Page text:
Originally written and posted on December 29th, 2014 at:
No, JSR has not gotten too sexy for it’s shirt. We are talking about Randy Pobst here. He is the American racing driver who has slowly become the benchmark sports car driver in the country.
Why are we talking about Randy Pobst, you may be wondering. Well, thank for you wondering aloud, because that offers a great segue into the real introduction.
We are heading back to the track! The course of choice is Streets of Willow, running in the clockwise direction. Have you ever seen an episode of Ignition, or Head-to-Head on YouTube? This is the same track, and configuration that Motor Trend magazine sends hotshoe Pobst out on to put down hot laps in all of the new sports cars that they test.
I couldn’t think of a better benchmark to compare myself against, so I got down to watching all Motor Trends films featuring Randy. Question number one: How is Randy Pobst so fast? Question number two: Could ANY ONE else ever be that fast? Question number three: How soon can I go to the track and throw down?
Answers: Magic; Probably; November 16th.
A handful of friends had all decided on that date, so I made it happen as well. Coincidentally, this happened to be during the same week in which my Dad flew out from Ohio to visit. He was there for my last visit to Willow Springs, as well. Maybe he’s good luck. My good friend Mika would be driving up with us in his FRS. Now, to get up at 3:30AM and cannonball there...We both decided that grabbing a hotel near the track was a better option.
The drive up was uneventful, bar my Dad noting how much traffic there was on a Saturday evening. “Yes, it’s always like this.” Once we were north of L.A. we were able to easily make up time, and we were checked in at the hotel around 9:30.
The following morning, we were met with the chills. Near frozen temperatures had fogged up all of the cars’ windshields, and had one Mika De Coster in a spot of trouble when the FRS acted up and was reluctant to start. Following our rip through the desert, neither of us had the energy the night before to fill up with gas upon arriving, so that was first on the agenda. Waiting at the pump while freezing to death and bemoaning the weather reminded me of home. Try doing this same thing in the middle of November back in Ohio, your track day would be a rally stage covered in snow.
Getting along on the 8 mile drive from the hotel, it felt great to arrive at the track decently rested and ready. Entrance fees covered, and paddock spot chosen, we unloaded our gear and readied the cars for the day ahead. Our motley crew slowly gathered as we were unpacking. Jeff in his Evo X, Jake (the other one) and his MKVI GTI, Zi with the 700 horsepower GT500, and late-comer/surprised guest Shea in the other MKVI GTI.
Registration, driver’s meeting and all of the other morning’s processes went off as expected, which is to say, 15 minutes late. Jeff, being our sole representative in the Advanced run group, was sent out first to throw down and
clean up the track for us...I mean set some hot laps. Even the all-wheel-drive EVO looked to be looser than usual out there. 20 minutes later, back in the paddock, Jeff confirmed, that the track was loose and finding grip would prove tricky.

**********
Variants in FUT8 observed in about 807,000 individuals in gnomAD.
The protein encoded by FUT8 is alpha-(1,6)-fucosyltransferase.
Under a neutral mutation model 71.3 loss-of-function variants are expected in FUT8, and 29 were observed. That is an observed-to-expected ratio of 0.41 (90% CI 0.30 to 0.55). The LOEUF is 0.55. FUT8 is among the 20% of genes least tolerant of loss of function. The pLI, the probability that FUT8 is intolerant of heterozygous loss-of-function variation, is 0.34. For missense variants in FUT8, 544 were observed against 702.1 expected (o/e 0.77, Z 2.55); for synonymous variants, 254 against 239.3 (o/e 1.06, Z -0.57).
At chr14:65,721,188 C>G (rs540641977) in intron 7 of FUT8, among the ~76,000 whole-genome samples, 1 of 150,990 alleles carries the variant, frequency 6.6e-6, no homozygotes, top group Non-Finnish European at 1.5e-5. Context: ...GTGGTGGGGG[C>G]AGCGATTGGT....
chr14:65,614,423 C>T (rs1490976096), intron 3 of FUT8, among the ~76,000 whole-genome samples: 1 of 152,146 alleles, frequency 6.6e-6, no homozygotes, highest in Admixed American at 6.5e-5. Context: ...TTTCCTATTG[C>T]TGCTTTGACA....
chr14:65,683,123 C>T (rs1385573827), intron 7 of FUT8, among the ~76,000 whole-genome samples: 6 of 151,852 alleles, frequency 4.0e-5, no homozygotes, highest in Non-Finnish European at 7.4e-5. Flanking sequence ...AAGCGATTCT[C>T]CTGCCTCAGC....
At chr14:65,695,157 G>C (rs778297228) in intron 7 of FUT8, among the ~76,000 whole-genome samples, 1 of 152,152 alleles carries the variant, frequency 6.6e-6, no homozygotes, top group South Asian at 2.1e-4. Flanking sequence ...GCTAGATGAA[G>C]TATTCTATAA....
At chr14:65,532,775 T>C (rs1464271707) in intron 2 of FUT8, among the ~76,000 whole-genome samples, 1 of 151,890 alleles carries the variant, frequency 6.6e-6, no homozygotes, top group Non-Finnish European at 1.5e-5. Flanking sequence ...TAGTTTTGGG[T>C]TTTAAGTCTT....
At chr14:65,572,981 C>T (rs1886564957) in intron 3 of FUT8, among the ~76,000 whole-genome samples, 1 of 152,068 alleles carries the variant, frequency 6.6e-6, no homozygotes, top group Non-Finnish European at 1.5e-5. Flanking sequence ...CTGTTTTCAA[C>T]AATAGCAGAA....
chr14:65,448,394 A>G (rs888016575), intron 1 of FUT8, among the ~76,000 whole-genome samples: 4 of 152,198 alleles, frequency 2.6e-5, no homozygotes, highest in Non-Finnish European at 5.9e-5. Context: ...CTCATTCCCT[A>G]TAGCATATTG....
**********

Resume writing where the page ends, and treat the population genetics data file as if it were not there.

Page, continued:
With that news coming from the driver of an EVO with three differentials and more tire than my car, I knew that things were going to get interesting. I had made a lot of changes to the car, without much chance to shake it down and get a feel for it. My car has always been , err, challenging to drive quickly, so my gut instinct was that today was going to be one long shake down, and not a shot at hot laps. Oh well, I was up.
Lined up in grid, and sent on to the track, leading into Turn #2 a right hander that requires a late apex, I spun. It’s going to be one of those sort of days, isn’t it? I did not feel that I was pushing it all or requesting much out of the car, I may as well have been coasting. Yep, this is a loose track.
“Pull yourself together man!” I said as straightened the car out and accelerated towards T3, and then promptly drifted the whole corner. Right.
I think I spun 5 times in the first session? I am using the term “think” because about half way through the first session I heard an all too familiar and sad sound, BEEP-BEEP BEEP-BEEP BEEP-BEEP, the Go-Pro had shut off. Damn. By the end of the first session, I was able to put together a lap or two without a spin and at least have an idea of what to expect. After arriving back in the paddock, a quick inspection showed that I had forgotten to clear the memory card on the Go-Pro before heading out, and that it was maxed out. Damn, none of the video on there had been moved onto my computer, oh well, I guess it’s all going bye-bye.
Lap times were unimpressive, but at least I had a baseline to work with for the day, 1:34.7.
Session #2 began in much the same fashion as session #1, there were spins, there was drifting, and there was me going slow. Clearly my initial pace was slow, because I knocked off over a second off my best lap time despite the dirty driving, 1:33.4:
Improvement was sure to be gradual as I had never run the BMW around Streets in the CW direction. That for me is an automatic instance of progressively dialing in the pace as I figure out what works and what doesnt. Here is what I hard learned:
What Works: Crank up the rebound/damping on all four corners
What Doesn’t Work: Using the throttle. At all.